For its third album, Pomegranates streamline the moody, quintessentially indie pop rock with a raw garage sensibility. Propelled by the bass, the band churns through slow and fast numbers alike with the kind of flashy, automatic energy revived by the Strokes and bands of that ilk in the early 2000s. Such posturing renders One of Us by turns exhilarating and tedious. “Skull Cakin’”, far and away the self-conscious album standout, embodies that contradiction. A riveting hook and grinding guitar changes are convincing proof of the band’s intelligent edge. The verses are a mouth-watering treat. The chorus, however, tries too flatly to be different, and as the song ends Pomegranates overplays its hand with one of those drawn-out, clattering denouements that only feel right after an unqualified face-melting.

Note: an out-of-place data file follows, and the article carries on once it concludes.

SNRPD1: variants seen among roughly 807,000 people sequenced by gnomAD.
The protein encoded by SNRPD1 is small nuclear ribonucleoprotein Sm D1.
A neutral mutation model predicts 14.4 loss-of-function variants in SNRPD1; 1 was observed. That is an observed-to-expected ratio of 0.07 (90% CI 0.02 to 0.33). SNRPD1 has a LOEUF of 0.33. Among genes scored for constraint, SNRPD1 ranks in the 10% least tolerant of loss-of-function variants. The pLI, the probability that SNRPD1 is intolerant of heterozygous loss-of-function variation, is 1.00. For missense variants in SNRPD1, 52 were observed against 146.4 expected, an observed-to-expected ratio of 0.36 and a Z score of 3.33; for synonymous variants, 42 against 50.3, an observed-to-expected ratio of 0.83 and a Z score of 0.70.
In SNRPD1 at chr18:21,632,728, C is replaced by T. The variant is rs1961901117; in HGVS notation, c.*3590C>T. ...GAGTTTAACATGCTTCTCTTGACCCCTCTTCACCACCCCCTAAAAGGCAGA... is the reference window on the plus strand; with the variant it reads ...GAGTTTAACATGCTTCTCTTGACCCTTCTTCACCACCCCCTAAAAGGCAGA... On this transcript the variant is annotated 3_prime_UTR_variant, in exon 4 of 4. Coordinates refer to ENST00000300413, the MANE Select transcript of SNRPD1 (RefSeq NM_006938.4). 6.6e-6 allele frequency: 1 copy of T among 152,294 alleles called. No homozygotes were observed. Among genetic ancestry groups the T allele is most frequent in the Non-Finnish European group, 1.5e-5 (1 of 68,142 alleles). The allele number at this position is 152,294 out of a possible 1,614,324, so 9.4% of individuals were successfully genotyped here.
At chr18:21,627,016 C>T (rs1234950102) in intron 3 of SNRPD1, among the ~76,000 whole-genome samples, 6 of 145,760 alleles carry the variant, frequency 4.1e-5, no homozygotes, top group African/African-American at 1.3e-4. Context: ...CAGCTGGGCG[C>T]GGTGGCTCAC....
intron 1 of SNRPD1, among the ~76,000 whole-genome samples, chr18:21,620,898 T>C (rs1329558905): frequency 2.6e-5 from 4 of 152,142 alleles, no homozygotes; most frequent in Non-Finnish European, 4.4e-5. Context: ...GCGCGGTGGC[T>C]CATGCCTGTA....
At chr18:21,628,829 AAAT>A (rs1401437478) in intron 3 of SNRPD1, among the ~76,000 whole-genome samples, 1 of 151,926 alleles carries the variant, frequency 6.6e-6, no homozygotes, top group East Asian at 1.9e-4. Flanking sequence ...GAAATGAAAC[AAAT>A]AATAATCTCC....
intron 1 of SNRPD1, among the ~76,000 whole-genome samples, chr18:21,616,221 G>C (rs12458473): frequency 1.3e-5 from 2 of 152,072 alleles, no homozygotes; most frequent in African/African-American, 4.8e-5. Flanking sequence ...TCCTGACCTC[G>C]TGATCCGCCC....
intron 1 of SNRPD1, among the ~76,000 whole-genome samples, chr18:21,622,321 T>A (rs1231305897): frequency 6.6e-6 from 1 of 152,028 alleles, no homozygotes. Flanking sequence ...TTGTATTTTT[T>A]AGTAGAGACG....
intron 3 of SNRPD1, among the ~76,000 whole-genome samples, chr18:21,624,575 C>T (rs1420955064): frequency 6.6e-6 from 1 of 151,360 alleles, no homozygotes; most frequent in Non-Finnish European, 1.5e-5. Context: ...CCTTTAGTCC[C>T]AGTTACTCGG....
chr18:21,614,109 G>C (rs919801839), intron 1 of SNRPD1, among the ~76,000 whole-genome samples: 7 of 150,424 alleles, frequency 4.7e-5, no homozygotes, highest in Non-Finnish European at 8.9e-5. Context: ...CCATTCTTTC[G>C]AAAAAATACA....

The album’s uptempo polish invigorates the band’s sound but ultimately fails to mesh with its wistful tendencies. It’s as though the rhythm section and the keyboardist aren’t quite on the same page. Just when the arrangements coalesce into an aggressive crescendo, they dissolve into watery meditations. One of Us shines throughout with an attractive, confident sheen, but consistency isn’t really a virtue unless it is part of the foundations.
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// Sound Affects
"The man whose songs were recorded by Johnny Cash, Alan Jackson, Ricky Skaggs, David Allan Coe, The Highwaymen, and countless others succumbs to time’s cruel cue that the only token of permanence we have to offer are the effects of shared moments and memories.READ the article